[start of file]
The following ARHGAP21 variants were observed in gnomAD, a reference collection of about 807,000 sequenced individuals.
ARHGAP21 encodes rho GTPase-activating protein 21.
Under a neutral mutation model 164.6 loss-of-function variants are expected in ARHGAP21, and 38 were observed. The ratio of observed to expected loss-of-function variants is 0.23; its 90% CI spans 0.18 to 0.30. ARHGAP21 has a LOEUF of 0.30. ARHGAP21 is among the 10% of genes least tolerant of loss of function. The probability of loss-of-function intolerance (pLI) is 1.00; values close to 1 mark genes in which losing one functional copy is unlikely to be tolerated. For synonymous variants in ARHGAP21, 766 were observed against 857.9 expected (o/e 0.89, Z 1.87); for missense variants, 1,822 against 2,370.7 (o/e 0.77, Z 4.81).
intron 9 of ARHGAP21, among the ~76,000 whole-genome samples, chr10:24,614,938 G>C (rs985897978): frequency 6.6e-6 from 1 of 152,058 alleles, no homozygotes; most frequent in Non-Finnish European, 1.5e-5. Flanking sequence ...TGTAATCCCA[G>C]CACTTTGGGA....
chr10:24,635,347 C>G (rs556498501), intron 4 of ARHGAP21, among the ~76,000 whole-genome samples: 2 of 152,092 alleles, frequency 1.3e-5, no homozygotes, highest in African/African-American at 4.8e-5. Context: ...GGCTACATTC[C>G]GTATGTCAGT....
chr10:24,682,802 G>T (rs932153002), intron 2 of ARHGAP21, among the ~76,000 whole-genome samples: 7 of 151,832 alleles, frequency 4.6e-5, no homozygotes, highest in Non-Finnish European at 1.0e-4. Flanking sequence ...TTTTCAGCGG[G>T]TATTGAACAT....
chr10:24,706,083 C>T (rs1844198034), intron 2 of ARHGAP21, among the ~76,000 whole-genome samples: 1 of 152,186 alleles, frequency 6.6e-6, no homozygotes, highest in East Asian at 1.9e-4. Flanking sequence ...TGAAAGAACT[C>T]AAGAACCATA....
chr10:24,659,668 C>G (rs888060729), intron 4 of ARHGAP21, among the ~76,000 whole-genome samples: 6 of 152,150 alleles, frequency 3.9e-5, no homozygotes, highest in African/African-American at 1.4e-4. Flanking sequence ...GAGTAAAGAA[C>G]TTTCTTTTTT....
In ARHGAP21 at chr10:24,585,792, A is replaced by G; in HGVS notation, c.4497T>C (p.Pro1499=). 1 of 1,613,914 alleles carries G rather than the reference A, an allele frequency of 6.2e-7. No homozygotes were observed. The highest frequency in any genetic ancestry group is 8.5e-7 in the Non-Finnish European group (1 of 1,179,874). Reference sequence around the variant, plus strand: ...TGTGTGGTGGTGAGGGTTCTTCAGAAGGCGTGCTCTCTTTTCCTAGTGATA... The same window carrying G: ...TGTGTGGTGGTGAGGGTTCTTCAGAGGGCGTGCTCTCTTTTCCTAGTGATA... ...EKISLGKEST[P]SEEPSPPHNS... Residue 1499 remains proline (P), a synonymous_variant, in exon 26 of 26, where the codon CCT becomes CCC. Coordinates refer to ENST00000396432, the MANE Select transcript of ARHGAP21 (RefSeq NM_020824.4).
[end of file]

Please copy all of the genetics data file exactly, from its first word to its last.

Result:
The following ARHGAP21 variants were observed in gnomAD, a reference collection of about 807,000 sequenced individuals.
ARHGAP21 encodes rho GTPase-activating protein 21.
Under a neutral mutation model 164.6 loss-of-function variants are expected in ARHGAP21, and 38 were observed. The ratio of observed to expected loss-of-function variants is 0.23; its 90% CI spans 0.18 to 0.30. ARHGAP21 has a LOEUF of 0.30. ARHGAP21 is among the 10% of genes least tolerant of loss of function. The probability of loss-of-function intolerance (pLI) is 1.00; values close to 1 mark genes in which losing one functional copy is unlikely to be tolerated. For synonymous variants in ARHGAP21, 766 were observed against 857.9 expected (o/e 0.89, Z 1.87); for missense variants, 1,822 against 2,370.7 (o/e 0.77, Z 4.81).
intron 9 of ARHGAP21, among the ~76,000 whole-genome samples, chr10:24,614,938 G>C (rs985897978): frequency 6.6e-6 from 1 of 152,058 alleles, no homozygotes; most frequent in Non-Finnish European, 1.5e-5. Flanking sequence ...TGTAATCCCA[G>C]CACTTTGGGA....
chr10:24,635,347 C>G (rs556498501), intron 4 of ARHGAP21, among the ~76,000 whole-genome samples: 2 of 152,092 alleles, frequency 1.3e-5, no homozygotes, highest in African/African-American at 4.8e-5. Context: ...GGCTACATTC[C>G]GTATGTCAGT....
chr10:24,682,802 G>T (rs932153002), intron 2 of ARHGAP21, among the ~76,000 whole-genome samples: 7 of 151,832 alleles, frequency 4.6e-5, no homozygotes, highest in Non-Finnish European at 1.0e-4. Flanking sequence ...TTTTCAGCGG[G>T]TATTGAACAT....
chr10:24,706,083 C>T (rs1844198034), intron 2 of ARHGAP21, among the ~76,000 whole-genome samples: 1 of 152,186 alleles, frequency 6.6e-6, no homozygotes, highest in East Asian at 1.9e-4. Flanking sequence ...TGAAAGAACT[C>T]AAGAACCATA....
chr10:24,659,668 C>G (rs888060729), intron 4 of ARHGAP21, among the ~76,000 whole-genome samples: 6 of 152,150 alleles, frequency 3.9e-5, no homozygotes, highest in African/African-American at 1.4e-4. Flanking sequence ...GAGTAAAGAA[C>G]TTTCTTTTTT....
In ARHGAP21 at chr10:24,585,792, A is replaced by G; in HGVS notation, c.4497T>C (p.Pro1499=). 1 of 1,613,914 alleles carries G rather than the reference A, an allele frequency of 6.2e-7. No homozygotes were observed. The highest frequency in any genetic ancestry group is 8.5e-7 in the Non-Finnish European group (1 of 1,179,874). Reference sequence around the variant, plus strand: ...TGTGTGGTGGTGAGGGTTCTTCAGAAGGCGTGCTCTCTTTTCCTAGTGATA... The same window carrying G: ...TGTGTGGTGGTGAGGGTTCTTCAGAGGGCGTGCTCTCTTTTCCTAGTGATA... ...EKISLGKEST[P]SEEPSPPHNS... Residue 1499 remains proline (P), a synonymous_variant, in exon 26 of 26, where the codon CCT becomes CCC. Coordinates refer to ENST00000396432, the MANE Select transcript of ARHGAP21 (RefSeq NM_020824.4).